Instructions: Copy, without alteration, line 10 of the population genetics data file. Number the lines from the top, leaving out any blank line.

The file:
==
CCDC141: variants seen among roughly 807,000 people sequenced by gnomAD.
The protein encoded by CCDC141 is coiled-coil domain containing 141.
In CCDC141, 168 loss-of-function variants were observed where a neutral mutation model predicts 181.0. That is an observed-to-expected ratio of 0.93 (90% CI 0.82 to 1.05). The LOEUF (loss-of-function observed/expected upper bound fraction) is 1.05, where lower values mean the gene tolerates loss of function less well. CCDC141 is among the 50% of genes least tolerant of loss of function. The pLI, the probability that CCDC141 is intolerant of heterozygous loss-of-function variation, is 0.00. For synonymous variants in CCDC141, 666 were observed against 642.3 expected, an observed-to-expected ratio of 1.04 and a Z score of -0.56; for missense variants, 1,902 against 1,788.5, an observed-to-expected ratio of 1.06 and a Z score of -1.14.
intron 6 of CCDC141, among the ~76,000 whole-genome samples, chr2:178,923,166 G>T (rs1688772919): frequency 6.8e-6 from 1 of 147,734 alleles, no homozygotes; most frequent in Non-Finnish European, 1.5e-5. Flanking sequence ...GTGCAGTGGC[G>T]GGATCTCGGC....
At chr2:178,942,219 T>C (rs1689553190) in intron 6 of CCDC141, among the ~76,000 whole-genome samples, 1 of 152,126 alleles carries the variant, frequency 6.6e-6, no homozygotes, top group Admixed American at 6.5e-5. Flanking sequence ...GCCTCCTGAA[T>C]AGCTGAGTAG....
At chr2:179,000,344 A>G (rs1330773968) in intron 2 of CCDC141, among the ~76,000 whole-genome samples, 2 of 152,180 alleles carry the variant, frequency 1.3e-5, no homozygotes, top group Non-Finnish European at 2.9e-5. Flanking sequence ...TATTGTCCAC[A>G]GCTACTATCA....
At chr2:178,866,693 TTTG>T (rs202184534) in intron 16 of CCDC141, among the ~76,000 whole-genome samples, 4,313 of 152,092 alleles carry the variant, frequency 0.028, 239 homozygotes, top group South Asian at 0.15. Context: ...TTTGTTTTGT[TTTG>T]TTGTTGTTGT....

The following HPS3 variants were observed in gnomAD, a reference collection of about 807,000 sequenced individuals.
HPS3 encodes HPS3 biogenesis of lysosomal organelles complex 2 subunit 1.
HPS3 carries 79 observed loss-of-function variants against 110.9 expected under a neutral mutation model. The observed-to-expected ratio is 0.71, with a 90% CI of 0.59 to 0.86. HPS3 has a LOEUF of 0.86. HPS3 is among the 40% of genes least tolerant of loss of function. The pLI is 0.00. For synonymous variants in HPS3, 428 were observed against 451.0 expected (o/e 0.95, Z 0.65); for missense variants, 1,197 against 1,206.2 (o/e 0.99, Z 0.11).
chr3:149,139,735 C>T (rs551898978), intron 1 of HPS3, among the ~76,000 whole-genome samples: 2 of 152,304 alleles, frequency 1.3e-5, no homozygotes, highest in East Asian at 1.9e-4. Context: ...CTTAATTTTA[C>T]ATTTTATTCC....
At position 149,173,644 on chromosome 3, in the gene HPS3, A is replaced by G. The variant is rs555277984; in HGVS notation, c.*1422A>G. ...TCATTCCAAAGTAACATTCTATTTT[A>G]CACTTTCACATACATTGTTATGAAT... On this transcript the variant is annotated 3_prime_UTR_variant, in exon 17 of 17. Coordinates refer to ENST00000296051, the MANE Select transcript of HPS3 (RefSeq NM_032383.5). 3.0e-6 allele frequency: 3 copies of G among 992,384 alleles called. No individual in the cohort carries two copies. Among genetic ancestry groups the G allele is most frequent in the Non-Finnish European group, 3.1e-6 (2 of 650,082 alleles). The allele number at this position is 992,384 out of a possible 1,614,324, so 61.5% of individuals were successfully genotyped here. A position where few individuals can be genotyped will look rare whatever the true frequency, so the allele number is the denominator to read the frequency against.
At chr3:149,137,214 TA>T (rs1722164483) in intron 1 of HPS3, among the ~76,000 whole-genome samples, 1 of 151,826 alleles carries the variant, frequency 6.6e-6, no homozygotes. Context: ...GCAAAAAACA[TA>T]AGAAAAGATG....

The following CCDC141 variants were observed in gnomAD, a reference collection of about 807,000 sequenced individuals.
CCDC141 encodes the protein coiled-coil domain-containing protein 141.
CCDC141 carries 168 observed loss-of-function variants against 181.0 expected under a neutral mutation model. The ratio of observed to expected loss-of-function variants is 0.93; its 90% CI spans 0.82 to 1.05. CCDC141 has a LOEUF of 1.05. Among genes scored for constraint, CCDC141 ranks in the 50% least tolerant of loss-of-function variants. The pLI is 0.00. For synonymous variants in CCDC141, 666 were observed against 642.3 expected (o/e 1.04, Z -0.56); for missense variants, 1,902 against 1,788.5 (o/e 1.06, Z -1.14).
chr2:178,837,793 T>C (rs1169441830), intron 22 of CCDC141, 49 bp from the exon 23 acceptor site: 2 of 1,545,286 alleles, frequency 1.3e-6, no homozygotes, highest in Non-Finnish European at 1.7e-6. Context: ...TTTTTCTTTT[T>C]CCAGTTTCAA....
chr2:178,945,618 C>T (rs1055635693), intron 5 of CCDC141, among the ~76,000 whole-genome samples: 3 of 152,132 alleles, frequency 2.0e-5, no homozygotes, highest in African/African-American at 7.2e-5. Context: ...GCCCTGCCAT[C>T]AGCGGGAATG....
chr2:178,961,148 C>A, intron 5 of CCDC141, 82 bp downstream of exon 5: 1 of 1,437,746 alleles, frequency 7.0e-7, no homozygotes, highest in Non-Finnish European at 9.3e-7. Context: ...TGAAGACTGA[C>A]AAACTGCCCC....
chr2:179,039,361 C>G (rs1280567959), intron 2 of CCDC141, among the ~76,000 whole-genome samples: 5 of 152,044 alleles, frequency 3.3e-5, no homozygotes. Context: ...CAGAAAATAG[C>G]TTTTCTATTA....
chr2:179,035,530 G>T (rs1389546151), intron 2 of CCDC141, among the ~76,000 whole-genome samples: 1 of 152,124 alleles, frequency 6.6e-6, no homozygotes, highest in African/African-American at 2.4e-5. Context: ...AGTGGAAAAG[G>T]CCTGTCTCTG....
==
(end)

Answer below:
HPS3 carries 79 observed loss-of-function variants against 110.9 expected under a neutral mutation model. The observed-to-expected ratio is 0.71, with a 90% CI of 0.59 to 0.86. HPS3 has a LOEUF of 0.86. HPS3 is among the 40% of genes least tolerant of loss of function. The pLI is 0.00. For synonymous variants in HPS3, 428 were observed against 451.0 expected (o/e 0.95, Z 0.65); for missense variants, 1,197 against 1,206.2 (o/e 0.99, Z 0.11).